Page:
The public anti-evolution seminar was co-organized by Dominique Tassot, the director of Centre d'Etude et de Prospectives sur la Science (CEP). This is an association of 700 French-speaking Catholic intellectuals that was founded in 1997 by the transformation of a pre-existing informal group. CEP members, who include some active researchers such as Berthault, do not accept macroevolution because it is in conflict with their specific reading of the Bible.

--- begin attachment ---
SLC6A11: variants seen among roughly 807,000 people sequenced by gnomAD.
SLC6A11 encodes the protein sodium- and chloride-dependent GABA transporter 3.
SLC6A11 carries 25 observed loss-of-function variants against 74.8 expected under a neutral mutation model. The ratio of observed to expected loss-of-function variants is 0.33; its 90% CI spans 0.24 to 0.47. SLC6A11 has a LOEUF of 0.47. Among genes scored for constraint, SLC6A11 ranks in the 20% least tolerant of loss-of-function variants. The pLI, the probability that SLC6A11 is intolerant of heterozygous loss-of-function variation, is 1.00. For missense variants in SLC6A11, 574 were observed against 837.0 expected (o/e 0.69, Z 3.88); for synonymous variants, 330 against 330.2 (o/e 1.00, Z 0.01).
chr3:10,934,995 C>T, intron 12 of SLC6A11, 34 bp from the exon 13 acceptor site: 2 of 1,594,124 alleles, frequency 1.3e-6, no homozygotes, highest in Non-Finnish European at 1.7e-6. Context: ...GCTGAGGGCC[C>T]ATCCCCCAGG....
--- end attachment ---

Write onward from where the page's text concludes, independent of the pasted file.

Giertych's bizarre letter to Nature was based on the religiously motivated lectures presented at his seminar. The meeting was part of a novel intelligently designed strategy to distribute and popularize anti-evolutionism in Europe. It is obvious that the reputation of the European Parliament was misused for this purpose. A few weeks later, the journal Nature published Giertych's letter on its Correspondence page. This provocative anti-Darwin letter sparked many angry reactions among the readers of this prestigious scientific journal (see Nature 2006; 444: 679–80).